Stevia Natural Sugar Plant: For several years, there appeared in food stores a brand-new product with very reputed qualities: the Stevia rebaudiana. Containing no calories, a sweetness that does not decay, making a negligible impact on blood sugar, and providing 300 times the sweetness of sugar, stevia has aroused curiosity, enthusiasm, and even suspicion. A small overview of this small shrub full of promise!
Is stevia bad for you?
Stevia is a plant native to the Paraguayan forest. Used for centuries by local people, it has become extremely popular in Asia, including Japan. Stevia is used in everyday cooking in the food industry and has spread widely throughout the world. Some countries assign it the same healing properties that treat high blood pressure, diabetes and obesity. Indeed, despite its taste, stevia does not provide one gram of sugar.
Today, this shrub attracts interest of Westerners. With a very high sweetness (two teaspoons of the powder can substitute a cup of sugar) and all-natural, it brings a versatility that no chemical sweeteners have: it is excellent in cold drinks, and it survives cooking very well.
A Sweet Taste
But where does the sweetness of stevia come from? Stevioside, a chemical of the family of glycosides, is contained in its leaves. These molecules are well known for their intense sweetness. The composition of this plant reveals other surprises because in addition to its pleasant taste, it contains essential oils, minerals, vitamins, tannins, fluoride, chlorophyll, calcium, potassium, magnesium, sodium and water. In short, an ideal combination to maintain good health.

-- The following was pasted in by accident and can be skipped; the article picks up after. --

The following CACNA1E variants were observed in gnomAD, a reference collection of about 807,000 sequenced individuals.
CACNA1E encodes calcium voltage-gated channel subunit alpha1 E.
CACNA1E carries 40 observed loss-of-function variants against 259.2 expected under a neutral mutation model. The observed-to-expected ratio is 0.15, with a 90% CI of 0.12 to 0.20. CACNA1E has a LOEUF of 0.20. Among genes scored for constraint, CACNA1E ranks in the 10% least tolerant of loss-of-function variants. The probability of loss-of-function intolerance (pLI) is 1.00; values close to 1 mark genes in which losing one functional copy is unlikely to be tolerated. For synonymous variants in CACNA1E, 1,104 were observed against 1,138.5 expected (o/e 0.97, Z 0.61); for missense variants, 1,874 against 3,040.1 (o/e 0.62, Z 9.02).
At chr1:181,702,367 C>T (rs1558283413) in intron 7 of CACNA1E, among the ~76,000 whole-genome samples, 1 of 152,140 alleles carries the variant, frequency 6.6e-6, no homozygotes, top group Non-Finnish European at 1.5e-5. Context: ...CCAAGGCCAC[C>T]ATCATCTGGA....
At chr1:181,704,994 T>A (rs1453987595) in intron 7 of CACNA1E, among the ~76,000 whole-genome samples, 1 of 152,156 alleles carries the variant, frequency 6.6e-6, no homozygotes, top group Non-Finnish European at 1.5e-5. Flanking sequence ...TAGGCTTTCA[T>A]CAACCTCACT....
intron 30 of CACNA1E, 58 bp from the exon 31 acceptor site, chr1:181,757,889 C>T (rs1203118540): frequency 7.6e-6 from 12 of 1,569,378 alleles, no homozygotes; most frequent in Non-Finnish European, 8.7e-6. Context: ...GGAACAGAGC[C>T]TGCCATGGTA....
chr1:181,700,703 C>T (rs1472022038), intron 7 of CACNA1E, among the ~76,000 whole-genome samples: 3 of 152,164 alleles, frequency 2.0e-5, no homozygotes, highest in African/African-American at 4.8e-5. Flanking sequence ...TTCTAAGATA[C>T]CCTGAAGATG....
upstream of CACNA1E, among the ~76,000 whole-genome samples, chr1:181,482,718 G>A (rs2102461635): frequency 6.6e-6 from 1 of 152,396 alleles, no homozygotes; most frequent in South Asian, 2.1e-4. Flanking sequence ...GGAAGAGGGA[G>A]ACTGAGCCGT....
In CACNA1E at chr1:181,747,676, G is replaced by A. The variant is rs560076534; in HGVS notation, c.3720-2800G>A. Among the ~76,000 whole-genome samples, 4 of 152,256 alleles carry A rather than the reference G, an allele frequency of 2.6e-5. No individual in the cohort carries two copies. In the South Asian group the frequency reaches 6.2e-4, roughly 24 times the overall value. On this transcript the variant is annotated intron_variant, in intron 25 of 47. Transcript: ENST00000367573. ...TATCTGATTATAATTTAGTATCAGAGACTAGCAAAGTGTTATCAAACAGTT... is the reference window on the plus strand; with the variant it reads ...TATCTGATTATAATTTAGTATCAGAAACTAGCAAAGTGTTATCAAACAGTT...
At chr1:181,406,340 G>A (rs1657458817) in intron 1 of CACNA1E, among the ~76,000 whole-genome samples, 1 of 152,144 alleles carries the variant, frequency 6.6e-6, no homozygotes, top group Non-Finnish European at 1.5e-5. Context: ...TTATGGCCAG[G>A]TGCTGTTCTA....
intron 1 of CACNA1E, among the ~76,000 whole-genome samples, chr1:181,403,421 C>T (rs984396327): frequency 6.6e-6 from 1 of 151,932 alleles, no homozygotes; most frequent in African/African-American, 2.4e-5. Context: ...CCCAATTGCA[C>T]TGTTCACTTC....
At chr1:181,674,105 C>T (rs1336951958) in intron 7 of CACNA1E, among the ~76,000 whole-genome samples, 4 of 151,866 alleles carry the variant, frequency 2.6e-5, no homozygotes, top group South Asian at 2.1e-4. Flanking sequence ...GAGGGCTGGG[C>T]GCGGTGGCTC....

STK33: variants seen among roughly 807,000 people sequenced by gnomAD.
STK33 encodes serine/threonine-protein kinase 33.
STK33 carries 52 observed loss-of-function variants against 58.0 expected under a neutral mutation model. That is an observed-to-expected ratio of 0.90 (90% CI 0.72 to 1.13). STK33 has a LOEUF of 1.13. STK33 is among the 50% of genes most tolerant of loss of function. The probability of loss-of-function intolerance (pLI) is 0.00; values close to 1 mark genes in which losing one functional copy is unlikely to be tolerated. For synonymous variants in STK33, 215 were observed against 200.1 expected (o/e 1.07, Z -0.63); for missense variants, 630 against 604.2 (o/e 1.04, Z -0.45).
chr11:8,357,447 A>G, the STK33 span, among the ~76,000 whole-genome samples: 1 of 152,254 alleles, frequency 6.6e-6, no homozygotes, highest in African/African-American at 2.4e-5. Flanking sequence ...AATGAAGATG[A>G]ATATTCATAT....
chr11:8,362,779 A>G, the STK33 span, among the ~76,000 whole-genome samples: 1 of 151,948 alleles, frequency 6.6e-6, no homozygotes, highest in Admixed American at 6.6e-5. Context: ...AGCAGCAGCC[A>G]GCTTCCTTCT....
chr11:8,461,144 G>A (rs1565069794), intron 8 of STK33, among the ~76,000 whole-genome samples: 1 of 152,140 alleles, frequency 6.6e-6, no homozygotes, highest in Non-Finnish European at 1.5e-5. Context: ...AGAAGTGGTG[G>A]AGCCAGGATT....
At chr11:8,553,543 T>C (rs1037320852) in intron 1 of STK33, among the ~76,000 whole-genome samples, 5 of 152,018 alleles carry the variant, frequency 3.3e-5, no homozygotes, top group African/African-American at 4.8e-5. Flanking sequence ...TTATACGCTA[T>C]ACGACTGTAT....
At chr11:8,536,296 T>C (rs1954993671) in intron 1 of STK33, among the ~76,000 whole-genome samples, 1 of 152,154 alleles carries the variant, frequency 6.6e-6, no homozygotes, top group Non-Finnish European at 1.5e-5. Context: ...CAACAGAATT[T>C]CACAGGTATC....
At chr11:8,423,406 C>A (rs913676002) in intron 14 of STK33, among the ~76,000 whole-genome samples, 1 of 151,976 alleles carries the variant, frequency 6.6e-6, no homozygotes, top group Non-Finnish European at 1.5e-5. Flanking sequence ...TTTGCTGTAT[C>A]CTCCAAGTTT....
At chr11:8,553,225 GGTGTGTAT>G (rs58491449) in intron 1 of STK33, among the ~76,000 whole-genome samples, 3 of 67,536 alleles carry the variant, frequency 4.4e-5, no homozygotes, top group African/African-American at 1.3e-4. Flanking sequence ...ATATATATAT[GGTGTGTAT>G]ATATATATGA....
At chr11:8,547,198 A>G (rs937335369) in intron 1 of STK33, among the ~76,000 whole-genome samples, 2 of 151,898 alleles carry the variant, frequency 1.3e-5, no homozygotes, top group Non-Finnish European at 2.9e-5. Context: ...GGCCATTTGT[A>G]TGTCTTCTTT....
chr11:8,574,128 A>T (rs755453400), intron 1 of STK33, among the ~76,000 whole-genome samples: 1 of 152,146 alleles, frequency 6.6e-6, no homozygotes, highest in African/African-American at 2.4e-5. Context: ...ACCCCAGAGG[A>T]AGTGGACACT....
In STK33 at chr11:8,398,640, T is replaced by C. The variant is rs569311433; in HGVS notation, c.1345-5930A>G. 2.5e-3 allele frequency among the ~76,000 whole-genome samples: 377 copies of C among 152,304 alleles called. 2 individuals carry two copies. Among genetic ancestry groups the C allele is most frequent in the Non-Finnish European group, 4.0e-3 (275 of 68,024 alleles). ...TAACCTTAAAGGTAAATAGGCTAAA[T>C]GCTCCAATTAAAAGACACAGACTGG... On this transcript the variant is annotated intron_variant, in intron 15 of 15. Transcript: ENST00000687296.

Forms of Stevia
You can find this plant in several forms: dried leaves, extracts and concentrated fresh plant. It is also easy and inexpensive to cultivate this little plant indoors, because although it is fragile, it becomes robust when it receives sun and a moist but properly-drained soil.
The Attributes of Stevia
Given the many qualities of stevia, can we then stop eating sugar altogether? No. Sugar is an essential fuel for muscles and the brain, which consumes 80% of the recommended daily intake. Moreover, long-term impacts on the health of stevia are not known. Therefore, caution is advised until such time as its safety is completely proven.
Currently, studies are underway to evaluate the healing properties traditionally given to this plant, such as the control of appetite, decreased blood pressure, blood sugar regulation and wound healing. No doubt that it will soon find its place in the food industry, pharmaceuticals and cosmetics. It is, in any case, certain that we have not heard the last of this little plant!
Good to Know
- Stevia is the same family as the daisy and dandelion. So beware of allergies!
- Diabetics who use stevia regularly should still monitor their blood sugar.
- Stevia is slightly more expensive than chemical sweeteners, but it has no aftertaste; it is natural, it has no use-by date, and you can use a smaller amount than you would with sugar!
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